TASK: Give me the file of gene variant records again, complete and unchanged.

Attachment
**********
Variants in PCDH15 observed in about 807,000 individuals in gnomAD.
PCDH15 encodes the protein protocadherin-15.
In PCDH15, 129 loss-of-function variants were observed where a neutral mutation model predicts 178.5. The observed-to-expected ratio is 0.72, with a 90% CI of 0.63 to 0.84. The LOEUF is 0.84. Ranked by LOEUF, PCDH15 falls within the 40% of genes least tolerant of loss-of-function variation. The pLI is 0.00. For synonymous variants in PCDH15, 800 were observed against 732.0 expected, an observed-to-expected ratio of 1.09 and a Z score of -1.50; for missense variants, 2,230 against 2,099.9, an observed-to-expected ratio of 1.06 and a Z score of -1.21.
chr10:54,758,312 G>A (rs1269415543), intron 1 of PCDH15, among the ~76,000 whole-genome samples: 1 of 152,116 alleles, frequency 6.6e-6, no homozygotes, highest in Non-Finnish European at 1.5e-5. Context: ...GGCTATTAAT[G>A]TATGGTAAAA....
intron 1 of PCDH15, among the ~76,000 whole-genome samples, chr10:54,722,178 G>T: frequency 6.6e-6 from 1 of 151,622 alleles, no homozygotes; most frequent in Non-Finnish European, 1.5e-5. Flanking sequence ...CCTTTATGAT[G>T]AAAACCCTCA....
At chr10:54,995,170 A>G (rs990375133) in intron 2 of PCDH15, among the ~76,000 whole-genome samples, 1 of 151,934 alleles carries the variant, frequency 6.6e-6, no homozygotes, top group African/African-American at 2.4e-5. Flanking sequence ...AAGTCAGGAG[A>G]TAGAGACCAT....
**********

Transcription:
Variants in PCDH15 observed in about 807,000 individuals in gnomAD.
PCDH15 encodes the protein protocadherin-15.
In PCDH15, 129 loss-of-function variants were observed where a neutral mutation model predicts 178.5. The observed-to-expected ratio is 0.72, with a 90% CI of 0.63 to 0.84. The LOEUF is 0.84. Ranked by LOEUF, PCDH15 falls within the 40% of genes least tolerant of loss-of-function variation. The pLI is 0.00. For synonymous variants in PCDH15, 800 were observed against 732.0 expected, an observed-to-expected ratio of 1.09 and a Z score of -1.50; for missense variants, 2,230 against 2,099.9, an observed-to-expected ratio of 1.06 and a Z score of -1.21.
chr10:54,758,312 G>A (rs1269415543), intron 1 of PCDH15, among the ~76,000 whole-genome samples: 1 of 152,116 alleles, frequency 6.6e-6, no homozygotes, highest in Non-Finnish European at 1.5e-5. Context: ...GGCTATTAAT[G>A]TATGGTAAAA....
intron 1 of PCDH15, among the ~76,000 whole-genome samples, chr10:54,722,178 G>T: frequency 6.6e-6 from 1 of 151,622 alleles, no homozygotes; most frequent in Non-Finnish European, 1.5e-5. Flanking sequence ...CCTTTATGAT[G>T]AAAACCCTCA....
At chr10:54,995,170 A>G (rs990375133) in intron 2 of PCDH15, among the ~76,000 whole-genome samples, 1 of 151,934 alleles carries the variant, frequency 6.6e-6, no homozygotes, top group African/African-American at 2.4e-5. Flanking sequence ...AAGTCAGGAG[A>G]TAGAGACCAT....